For many children with special needs and their families, who have negotiated mazes of bureaucracy and faced the challenges of societal prejudice and low expectations, one particular international organization has come as a blessing. With an army of thousands of teenage volunteers, who themselves speak of life transforming experiences, the suburban Detroit-based Friendship Circle gives those society often forgets the opportunity to shower blessings on others.

“I have such a different attitude towards children with special needs,” says one volunteer, 16-year-old Atara Kaye of Sydney, Australia, who joined her local Friendship Circle two years ago. “I used to get a bit scared until I noticed how special they are.”

Founded in 1994 by Chabad-Lubavitch Rabbi Levi and Bassie Shemtov in West Bloomfield, Mich., the Friendship Circle embarked on a mission to help children with special needs and, in the process, change the way other children viewed those who were different. Emboldened by the teachings of the Rebbe, Rabbi Menachem M. Schneerson, of righteous memory, the organization – which has since expanded to include chapters across the globe – sees each of its members as empowered to make a special contribution to the world.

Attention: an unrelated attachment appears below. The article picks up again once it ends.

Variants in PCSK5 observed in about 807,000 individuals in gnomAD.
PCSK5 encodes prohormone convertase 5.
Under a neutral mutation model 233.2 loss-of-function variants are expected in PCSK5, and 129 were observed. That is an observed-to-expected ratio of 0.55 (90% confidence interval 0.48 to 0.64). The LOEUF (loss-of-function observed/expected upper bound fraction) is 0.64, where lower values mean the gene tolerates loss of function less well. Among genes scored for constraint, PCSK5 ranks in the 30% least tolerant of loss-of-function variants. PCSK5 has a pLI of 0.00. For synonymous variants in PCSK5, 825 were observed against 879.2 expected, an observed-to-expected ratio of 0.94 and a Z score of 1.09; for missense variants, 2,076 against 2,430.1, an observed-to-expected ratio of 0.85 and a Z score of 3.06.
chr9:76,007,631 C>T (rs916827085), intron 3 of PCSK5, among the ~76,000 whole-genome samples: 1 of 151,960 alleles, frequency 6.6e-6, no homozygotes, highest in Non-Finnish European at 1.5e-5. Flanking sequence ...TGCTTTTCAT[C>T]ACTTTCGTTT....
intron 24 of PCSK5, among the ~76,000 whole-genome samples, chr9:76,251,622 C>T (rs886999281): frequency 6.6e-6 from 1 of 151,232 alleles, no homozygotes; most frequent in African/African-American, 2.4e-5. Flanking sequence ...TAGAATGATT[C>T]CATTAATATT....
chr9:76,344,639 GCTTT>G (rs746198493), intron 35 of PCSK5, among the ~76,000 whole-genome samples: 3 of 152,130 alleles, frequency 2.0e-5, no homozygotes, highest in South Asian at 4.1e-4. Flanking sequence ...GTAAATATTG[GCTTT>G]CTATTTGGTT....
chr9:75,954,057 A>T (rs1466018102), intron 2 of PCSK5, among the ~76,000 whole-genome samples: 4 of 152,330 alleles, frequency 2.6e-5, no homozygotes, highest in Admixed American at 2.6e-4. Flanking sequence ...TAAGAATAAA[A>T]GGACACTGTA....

Kaye says that when she first went to the house of her special friend, as those active in the Friendship Circle frequently call one another, she was incredibly nervous. She had never interacted one-on-one with a child with special needs before.

But when she saw her friend, a 13-year-old autistic girl, she was awash in relief.

“She was jumping up and down and screeching, she was so excited,” says Kaye. “I had never seen such a beautiful smile before.”

Kaye’s friend doesn’t talk, but the pair spends a lot of time jumping on the trampoline, singing and playing games together.

“She’s amazing. You know what she’s trying to say,” relates Kaye, who wants to continue to volunteer for whichever Friendship Circle chapter she finds next to her seminary next year. “The weirdest thing is that I’m getting so much from her. She makes me feel special.”

The Friendship Circle’s children, likewise, say that their lives have changed as a result of the program.

Liliya Bromberg, a 19-year-old with cerebral palsy from Michigan who joined in 1996, records her thoughts and feelings in a blog.